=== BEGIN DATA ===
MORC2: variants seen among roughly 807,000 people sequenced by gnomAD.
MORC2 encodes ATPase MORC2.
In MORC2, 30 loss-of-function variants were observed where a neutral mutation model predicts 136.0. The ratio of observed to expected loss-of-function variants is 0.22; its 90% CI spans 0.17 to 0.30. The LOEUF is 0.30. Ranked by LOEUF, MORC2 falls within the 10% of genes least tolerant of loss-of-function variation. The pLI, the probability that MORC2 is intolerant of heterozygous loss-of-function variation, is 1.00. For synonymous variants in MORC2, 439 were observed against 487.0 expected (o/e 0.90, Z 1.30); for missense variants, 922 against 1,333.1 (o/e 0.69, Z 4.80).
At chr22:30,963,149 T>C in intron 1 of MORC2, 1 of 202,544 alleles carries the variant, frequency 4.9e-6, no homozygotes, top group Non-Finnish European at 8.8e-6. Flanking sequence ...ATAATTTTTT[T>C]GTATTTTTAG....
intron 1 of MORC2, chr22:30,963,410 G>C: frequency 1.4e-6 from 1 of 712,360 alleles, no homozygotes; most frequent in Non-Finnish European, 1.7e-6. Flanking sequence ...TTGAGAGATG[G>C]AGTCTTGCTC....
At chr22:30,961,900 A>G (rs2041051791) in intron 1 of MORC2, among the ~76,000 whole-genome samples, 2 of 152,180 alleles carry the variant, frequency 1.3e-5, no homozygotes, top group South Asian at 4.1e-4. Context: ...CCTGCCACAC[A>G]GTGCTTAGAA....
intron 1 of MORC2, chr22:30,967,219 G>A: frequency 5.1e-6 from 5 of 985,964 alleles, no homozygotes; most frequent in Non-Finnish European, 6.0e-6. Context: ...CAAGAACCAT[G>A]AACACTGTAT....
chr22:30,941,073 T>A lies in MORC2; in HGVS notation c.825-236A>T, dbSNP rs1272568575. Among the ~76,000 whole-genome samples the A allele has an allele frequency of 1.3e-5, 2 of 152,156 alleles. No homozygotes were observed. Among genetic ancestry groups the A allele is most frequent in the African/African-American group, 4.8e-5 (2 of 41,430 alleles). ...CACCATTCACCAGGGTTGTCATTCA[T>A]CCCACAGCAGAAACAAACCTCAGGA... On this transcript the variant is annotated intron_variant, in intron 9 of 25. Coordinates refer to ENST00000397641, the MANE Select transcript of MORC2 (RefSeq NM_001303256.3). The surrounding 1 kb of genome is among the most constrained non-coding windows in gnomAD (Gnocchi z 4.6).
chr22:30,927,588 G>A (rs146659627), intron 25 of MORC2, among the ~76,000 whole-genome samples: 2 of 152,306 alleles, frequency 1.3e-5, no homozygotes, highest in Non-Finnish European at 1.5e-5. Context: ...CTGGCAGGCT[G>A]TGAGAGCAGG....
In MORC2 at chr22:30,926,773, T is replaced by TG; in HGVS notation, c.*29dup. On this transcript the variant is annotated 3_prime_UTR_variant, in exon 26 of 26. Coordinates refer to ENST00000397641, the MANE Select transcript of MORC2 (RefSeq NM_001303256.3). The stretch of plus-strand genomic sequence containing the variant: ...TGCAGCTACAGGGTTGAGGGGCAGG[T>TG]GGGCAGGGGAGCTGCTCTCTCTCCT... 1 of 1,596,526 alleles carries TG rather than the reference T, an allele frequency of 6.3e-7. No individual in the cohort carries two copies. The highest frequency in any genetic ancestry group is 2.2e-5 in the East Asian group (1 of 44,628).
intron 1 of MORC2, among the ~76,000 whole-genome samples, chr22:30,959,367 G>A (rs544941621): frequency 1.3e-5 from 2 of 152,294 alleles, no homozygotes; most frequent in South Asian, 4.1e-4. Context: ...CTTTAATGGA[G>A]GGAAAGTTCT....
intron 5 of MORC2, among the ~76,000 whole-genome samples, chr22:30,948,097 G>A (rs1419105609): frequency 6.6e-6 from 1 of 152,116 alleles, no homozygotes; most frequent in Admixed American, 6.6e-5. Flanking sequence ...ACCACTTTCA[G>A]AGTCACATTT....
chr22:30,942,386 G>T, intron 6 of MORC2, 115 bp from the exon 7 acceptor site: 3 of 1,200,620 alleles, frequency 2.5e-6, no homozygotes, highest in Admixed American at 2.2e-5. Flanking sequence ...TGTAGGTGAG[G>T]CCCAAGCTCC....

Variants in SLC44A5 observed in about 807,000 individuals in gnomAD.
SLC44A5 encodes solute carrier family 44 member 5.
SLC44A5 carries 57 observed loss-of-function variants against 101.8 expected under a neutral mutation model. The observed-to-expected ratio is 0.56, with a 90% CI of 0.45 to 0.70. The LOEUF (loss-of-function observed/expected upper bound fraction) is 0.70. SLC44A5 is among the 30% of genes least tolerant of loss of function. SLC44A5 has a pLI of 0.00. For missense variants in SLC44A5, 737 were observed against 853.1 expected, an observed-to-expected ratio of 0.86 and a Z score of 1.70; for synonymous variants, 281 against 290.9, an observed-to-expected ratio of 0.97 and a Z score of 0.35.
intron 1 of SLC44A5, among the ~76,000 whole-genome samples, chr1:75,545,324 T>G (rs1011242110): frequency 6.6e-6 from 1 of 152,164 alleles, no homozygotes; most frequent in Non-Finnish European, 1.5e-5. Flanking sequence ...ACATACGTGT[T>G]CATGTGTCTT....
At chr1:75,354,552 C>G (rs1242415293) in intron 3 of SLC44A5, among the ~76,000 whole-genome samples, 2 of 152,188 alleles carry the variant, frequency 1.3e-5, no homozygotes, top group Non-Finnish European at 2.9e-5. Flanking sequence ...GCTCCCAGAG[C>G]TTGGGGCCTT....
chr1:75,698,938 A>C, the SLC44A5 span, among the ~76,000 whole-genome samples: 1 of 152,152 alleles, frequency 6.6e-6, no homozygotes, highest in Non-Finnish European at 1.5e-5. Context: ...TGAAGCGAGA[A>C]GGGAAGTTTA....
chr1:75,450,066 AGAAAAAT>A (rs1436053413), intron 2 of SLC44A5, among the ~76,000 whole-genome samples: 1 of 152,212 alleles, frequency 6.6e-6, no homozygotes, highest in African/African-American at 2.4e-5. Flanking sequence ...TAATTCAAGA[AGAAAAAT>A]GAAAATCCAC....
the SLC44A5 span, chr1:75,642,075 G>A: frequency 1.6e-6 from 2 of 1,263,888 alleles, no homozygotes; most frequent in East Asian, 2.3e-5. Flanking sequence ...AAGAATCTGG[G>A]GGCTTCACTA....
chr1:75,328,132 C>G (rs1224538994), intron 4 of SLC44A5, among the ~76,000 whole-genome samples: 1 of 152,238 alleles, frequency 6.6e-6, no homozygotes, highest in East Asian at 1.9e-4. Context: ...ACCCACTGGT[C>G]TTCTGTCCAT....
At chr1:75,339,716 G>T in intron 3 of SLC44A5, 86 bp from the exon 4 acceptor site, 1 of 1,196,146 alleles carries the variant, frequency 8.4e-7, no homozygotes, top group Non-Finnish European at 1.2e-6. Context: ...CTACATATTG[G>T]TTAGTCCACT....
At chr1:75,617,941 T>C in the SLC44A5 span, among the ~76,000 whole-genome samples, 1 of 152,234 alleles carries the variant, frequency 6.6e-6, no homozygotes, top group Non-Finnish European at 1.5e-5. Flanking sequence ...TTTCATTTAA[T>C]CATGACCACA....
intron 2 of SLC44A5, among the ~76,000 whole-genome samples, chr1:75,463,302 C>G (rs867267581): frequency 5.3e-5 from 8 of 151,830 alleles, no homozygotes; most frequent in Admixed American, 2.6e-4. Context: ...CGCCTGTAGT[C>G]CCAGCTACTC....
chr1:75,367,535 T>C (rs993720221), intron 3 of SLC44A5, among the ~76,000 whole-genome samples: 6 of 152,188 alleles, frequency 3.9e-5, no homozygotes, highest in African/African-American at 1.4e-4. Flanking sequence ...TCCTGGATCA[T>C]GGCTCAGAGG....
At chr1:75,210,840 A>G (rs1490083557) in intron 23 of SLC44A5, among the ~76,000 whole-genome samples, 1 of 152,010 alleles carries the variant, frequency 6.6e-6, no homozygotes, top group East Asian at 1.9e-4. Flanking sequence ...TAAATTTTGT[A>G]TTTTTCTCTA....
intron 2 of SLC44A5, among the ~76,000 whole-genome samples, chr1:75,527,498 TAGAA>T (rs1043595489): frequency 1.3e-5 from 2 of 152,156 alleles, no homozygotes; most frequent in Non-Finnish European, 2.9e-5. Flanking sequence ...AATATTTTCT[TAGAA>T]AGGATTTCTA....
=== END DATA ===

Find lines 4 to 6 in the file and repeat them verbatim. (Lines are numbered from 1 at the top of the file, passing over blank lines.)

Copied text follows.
At chr22:30,963,149 T>C in intron 1 of MORC2, 1 of 202,544 alleles carries the variant, frequency 4.9e-6, no homozygotes, top group Non-Finnish European at 8.8e-6. Flanking sequence ...ATAATTTTTT[T>C]GTATTTTTAG....
intron 1 of MORC2, chr22:30,963,410 G>C: frequency 1.4e-6 from 1 of 712,360 alleles, no homozygotes; most frequent in Non-Finnish European, 1.7e-6. Flanking sequence ...TTGAGAGATG[G>C]AGTCTTGCTC....
At chr22:30,961,900 A>G (rs2041051791) in intron 1 of MORC2, among the ~76,000 whole-genome samples, 2 of 152,180 alleles carry the variant, frequency 1.3e-5, no homozygotes, top group South Asian at 4.1e-4. Context: ...CCTGCCACAC[A>G]GTGCTTAGAA....